I have just come back from the great Game Developers Conference in San Francisco and thought an update on the state of gaming as it related to design may be in order. I fully attended this year and went to many terrible and wonderful presentations. Many of the sessions including most of the nominees for game of the year at the Developers Choice Awards Ceremony told me that the video game industry still has a long way to go before it divorces itself from the violence and misogynistic images that many of us associate with its products. However there were many talks I found inspiring and informative. The most helpful for me from a technical point of view was Building Sim City Art in the Service of Simulation with creative director Ocean Quigley. I learned sim cities get created as designers choose from a pallet of textures and architectural elements (what we might call a kit of parts) that got applied across various volumes which are also chosen from a palette that includes everything from taco trucks to skyscrapers. Quigley said that architects were involved with this process but I wasn’t sure how. The poor guy tried to get the designers to use scripted grammar or algorithms to create facades but apparently they weren’t into this which I totally get. In addition to the design process I learned about façade and relief mapping on quads and tried to understand how to get polygon counts down. This polygon count issue is the enemy of the architect/designer trying to make cool and original buildings in the virtual world but like me has no idea how to do it minimally.
After learning how to make virtual cities I went to see a post mortem review of the 20 year old Myst which The Witness has been repeatedly compared to. They are right. While it is working with old technology which makes it less dynamic and has badly designed cut and paste buildings it is still a lot like The Witness. After getting a little panicked that I was going to get sued for copy write infringement I calmed down and realized that with all the gun toting death eating zombie games our there we were hardly out of bounds on this one.
The next day I switched gears and learned that while they sounded like infomercials lectures that broke things down into steps seemed to work well for gamers. My old client( for real buildings) Pixar told us about The 5 Key Plot Points to Creating A Great Story which I had actually learned in Marshal Gantz’s class last year when I had to write my own narrative. I learned from the creator of The Witcher series how to be innovative and creative in 8 Easy Steps that involve asking questions and identifying feature dependencies.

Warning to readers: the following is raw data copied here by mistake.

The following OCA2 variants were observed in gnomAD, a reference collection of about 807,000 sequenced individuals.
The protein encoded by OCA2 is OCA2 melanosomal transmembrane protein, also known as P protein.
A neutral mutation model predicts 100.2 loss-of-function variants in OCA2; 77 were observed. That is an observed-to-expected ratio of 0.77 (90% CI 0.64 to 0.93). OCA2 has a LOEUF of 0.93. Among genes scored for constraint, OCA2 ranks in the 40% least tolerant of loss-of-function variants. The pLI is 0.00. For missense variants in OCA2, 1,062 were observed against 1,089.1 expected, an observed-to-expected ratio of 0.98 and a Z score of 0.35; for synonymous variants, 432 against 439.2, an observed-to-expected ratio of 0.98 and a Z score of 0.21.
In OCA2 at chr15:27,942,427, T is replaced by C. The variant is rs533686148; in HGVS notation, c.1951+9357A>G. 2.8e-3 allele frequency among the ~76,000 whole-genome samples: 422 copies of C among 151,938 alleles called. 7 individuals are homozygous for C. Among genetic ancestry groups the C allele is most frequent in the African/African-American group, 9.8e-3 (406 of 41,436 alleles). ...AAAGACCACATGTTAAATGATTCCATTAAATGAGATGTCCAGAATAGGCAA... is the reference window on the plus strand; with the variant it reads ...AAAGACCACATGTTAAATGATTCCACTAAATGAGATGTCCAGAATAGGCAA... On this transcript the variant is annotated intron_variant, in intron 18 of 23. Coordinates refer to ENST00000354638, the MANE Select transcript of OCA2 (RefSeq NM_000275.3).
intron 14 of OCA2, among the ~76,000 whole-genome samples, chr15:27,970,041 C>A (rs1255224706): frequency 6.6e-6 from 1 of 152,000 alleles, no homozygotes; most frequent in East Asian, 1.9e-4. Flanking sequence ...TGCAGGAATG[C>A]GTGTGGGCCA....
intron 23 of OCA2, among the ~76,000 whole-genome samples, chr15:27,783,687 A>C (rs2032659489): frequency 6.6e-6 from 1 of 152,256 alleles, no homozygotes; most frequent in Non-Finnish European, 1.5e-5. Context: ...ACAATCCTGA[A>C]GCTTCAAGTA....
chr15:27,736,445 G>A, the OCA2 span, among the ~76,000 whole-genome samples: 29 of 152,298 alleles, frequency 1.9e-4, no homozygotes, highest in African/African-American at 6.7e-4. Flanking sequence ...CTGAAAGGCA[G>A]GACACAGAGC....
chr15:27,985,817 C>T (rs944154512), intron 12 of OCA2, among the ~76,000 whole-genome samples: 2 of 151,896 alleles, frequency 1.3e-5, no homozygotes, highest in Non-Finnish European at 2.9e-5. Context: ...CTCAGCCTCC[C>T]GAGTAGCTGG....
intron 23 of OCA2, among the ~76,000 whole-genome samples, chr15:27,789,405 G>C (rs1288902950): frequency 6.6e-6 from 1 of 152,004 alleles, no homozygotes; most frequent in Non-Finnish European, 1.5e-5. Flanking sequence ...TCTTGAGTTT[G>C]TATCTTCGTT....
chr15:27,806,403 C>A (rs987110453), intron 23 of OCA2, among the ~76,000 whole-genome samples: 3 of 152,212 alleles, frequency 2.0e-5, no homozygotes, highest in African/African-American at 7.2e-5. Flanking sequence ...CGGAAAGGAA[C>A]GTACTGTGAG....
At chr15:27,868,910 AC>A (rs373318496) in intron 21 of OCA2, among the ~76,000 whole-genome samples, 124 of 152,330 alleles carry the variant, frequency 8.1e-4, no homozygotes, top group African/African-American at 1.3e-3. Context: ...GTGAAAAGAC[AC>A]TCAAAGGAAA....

I also felt a little uncomfortable as he put up images of naked women playing cards that were at one point part of the game. While people started giggling I looked around this massive room filled with thousands of people and was reminded that I was one of the few women there and only 1 of 3 black women that I saw during my 3 days. In short I stood out just a tiny bit. This prompted me to go to the IGDA Diversity Advisory Board round table discussion where I was the only black woman there and the discourse was a little bit skewed for my liking. I wasn’t so sure that having more black men on the screen with guns was the solution to creating diversity in the gaming industry. I shared how the National Organization for Minority architects was doing things with Project Pipeline but also wasn’t so sure they were interested. Either way I got some cards and scuttled out.
Later the day, I heard the most inspiring talk during my time at the conference. It was Designing Journey by Jenova Chen the president of That Game Company. This year Journey swept the IGF & Choice Awards Ceremony. It prompted standing ovations at both their talk and the ceremony. Journey is a refreshingly humanist game that creates emotional connections between players who are searching to find their purpose as they travel to a looming mountaintop surrounded by miles of burning, sprawling desert, age-old ruins, caves and howling winds.
During his talk Chen spoke about emotional pallets and his evolution from needing the power adolescents sought in games to wanting a feeling of awe and mystery, intimacy and friendship. This game along with other indie game winners such as Kentucky Route Zero and Cart Life helped me to see how incredibly creative and beautiful virtual games can be. It showed the magnificence that gets created when art, architecture, graphics and story come together to create a new world where you as the actor can participate, influence and receive something new. I am not sure if there is a place for my practice in this industry. As someone who refuses to engage in designing environments where violence or the objectification of women is a primary theme I am going to struggle. However I learned this week that indie games are current culture and hopefully the future for this industry. If games like Journey are winning the highest honor in the industry and games like The Witness are being picked up early by Play Station there is a new era coming and perhaps we can be at the forefront of this change for the good in gaming.